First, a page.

Durham Public Works has used public information – and a little diplomacy – in an effort to make things easier for residents and motorists alike as the crew begins major jobs on Rabbit and Runaround Pond roads.

Road Commissioner Calvin Beaumier mailed out a detailed outline of the two projects to every household in town on June 14. Beaumier informed people that, as abutters, they could be impacted by roadwork that could last into next year. Those impacts include the removal of trees in the town’s right of way; replacement of culverts, including some underneath driveways; ditching and paving. Short detours and one-way traffic can be expected, he wrote. The letter also appears on the town’s website.

“I’ve already met with most of (the abutters),” Beaumier said last week. “I’ve had to negotiate the removal of some trees. That’s been the biggest obstacle.”

And that’s where the diplomacy came in.

Right in the path of the town right of way, at 233 Rabbit Road, the crew knew it had to take down three rock maples in front of Curtis and Sally Simmering’s home. Sally Simmering had made it known that she didn’t want the trees removed with signs they put up, Beaumier said.

“The woman put signs up saying, ‘Save those trees,’” Beaumier said. “We offered to give her the wood, and she agreed. Then, some of the wood got stolen, but we made it up.”

Attempts to contact the Simmerings were unsuccesful.

“We’ve taken down over 100 trees, to accommodate ditching,” Beaumier said. “We’d rather use PR to get people to work with us.”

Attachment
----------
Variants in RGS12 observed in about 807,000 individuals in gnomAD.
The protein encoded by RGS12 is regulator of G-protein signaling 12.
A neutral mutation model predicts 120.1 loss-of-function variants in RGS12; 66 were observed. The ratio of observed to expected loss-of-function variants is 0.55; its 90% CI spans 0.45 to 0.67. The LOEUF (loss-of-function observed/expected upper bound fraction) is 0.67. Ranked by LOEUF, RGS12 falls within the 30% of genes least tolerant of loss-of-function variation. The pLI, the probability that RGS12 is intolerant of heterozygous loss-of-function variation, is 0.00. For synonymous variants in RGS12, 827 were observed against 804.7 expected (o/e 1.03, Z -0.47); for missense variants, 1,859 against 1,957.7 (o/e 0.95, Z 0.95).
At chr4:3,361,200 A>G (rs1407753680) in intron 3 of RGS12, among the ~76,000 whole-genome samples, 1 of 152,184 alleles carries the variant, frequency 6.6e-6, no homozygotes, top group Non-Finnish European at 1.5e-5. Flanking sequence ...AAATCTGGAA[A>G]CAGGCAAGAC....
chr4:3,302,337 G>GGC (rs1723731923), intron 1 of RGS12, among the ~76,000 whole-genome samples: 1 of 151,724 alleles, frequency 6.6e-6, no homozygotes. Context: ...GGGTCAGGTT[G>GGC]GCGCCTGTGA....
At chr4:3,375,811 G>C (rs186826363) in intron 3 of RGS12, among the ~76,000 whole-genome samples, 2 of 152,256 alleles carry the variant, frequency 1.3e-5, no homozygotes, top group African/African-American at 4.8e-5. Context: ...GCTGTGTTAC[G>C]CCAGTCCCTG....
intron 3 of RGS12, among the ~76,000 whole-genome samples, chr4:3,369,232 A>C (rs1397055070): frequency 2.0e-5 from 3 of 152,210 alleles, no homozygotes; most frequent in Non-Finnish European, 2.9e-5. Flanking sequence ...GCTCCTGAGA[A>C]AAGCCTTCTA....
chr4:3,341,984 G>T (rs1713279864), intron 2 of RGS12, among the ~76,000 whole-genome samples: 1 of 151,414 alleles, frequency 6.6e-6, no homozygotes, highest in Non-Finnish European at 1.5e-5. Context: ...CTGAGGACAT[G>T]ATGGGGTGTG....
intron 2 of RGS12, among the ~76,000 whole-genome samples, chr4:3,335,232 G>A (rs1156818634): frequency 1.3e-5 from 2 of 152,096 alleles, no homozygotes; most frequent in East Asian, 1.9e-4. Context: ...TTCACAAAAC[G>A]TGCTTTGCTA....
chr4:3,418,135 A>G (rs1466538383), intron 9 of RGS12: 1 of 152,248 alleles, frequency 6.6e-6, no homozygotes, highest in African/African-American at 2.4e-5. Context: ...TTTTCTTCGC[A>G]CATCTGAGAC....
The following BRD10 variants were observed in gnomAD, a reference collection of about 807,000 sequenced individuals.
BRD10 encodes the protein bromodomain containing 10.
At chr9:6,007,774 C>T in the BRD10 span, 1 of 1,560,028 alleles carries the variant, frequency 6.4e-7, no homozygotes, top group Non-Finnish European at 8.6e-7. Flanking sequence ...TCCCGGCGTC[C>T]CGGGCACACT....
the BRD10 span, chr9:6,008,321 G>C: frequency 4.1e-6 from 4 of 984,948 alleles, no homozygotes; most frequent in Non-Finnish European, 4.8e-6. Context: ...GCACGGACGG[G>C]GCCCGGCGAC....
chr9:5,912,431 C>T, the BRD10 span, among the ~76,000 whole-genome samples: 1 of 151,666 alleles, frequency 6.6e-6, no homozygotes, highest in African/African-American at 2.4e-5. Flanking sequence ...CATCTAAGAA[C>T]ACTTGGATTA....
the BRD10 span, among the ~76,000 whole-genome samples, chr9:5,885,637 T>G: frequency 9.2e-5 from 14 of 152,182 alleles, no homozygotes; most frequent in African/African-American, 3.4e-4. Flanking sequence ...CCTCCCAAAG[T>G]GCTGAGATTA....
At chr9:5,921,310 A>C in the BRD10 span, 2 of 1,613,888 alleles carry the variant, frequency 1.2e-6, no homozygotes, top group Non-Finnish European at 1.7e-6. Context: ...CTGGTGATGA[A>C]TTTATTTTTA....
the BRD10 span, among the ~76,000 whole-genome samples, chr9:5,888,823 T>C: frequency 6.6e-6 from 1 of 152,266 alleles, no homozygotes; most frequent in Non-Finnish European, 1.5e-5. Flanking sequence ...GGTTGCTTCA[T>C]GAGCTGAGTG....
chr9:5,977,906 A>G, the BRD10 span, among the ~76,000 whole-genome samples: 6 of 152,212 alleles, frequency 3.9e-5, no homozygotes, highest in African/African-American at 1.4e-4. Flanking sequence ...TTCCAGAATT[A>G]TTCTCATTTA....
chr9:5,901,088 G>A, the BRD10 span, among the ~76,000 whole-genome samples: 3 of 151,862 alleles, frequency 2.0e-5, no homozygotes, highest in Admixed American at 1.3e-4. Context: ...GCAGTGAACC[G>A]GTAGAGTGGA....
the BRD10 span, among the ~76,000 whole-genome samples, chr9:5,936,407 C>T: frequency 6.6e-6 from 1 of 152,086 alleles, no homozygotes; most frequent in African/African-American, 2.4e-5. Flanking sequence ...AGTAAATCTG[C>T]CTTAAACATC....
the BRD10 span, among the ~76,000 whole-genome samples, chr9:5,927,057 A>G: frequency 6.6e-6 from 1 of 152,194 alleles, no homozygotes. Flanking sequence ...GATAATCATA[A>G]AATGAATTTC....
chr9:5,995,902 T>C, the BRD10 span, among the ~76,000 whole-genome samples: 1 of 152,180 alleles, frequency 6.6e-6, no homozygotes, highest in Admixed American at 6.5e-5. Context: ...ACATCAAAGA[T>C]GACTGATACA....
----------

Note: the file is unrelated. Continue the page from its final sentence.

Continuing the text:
Ruth Glaeser, the town’s administrative assistant, praised Beaumier for the information campaign.

“Not every town does it,” Glaeser said.

The five-person public works crew now is working on Rabbit Road, removing worn-out culverts and doing some initial ditching. The project, funded by a $1.5 million bond recently approved at the annual town meeting, is not your routine summer roadwork, Beaumier said.

“It’s something we’ve got to do,” he said. “The pavement’s fatigued. It’s 25 to 30 years old. It’s just worn out.”

In his letter, Beaumier advised Durham residents that the surfaces of Rabbit and Runaround Pond roads will be reclaimed – meaning it will be ground up and  mixed with a few inches of gravel and spread beneath the pavement. Some new asphalt will be needed. Repaving, shoulder work and a final layer of pavement will follow.

“We’re only expecting a couple of situations that might require a short detour on a couple of different days,” Beaumier wrote. “For the most part, however, the roads will remain open to one lane at a time with flaggers at each end of the daily work zones. Although we will take all appropriate measures to ensure minimal impact to abutters and the traveling public, there will undoubtedly be some level of inconvenience experienced as we construct this project.”

Ron Dube, foreman for Durham Public Works, measures the depth of the old culvert on Runaround Pond Road so that Tim Grant knows how deep to dig with his excavator on June 28.

Tim Grant begins digging up a portion of Runaround Pond Road in Durham last week, so that the public works crew could replace a worn-out culvert.

Tim Grant uses his excavator to dig up part of Runaround Pond Road last week, so that the Durham Public Works crew could replace an old culvert.

A stump remains where a rock maple tree stood in the town right of way, in front of Curtis and Salley Simmerings’ home on Rabbit Road in Durham.

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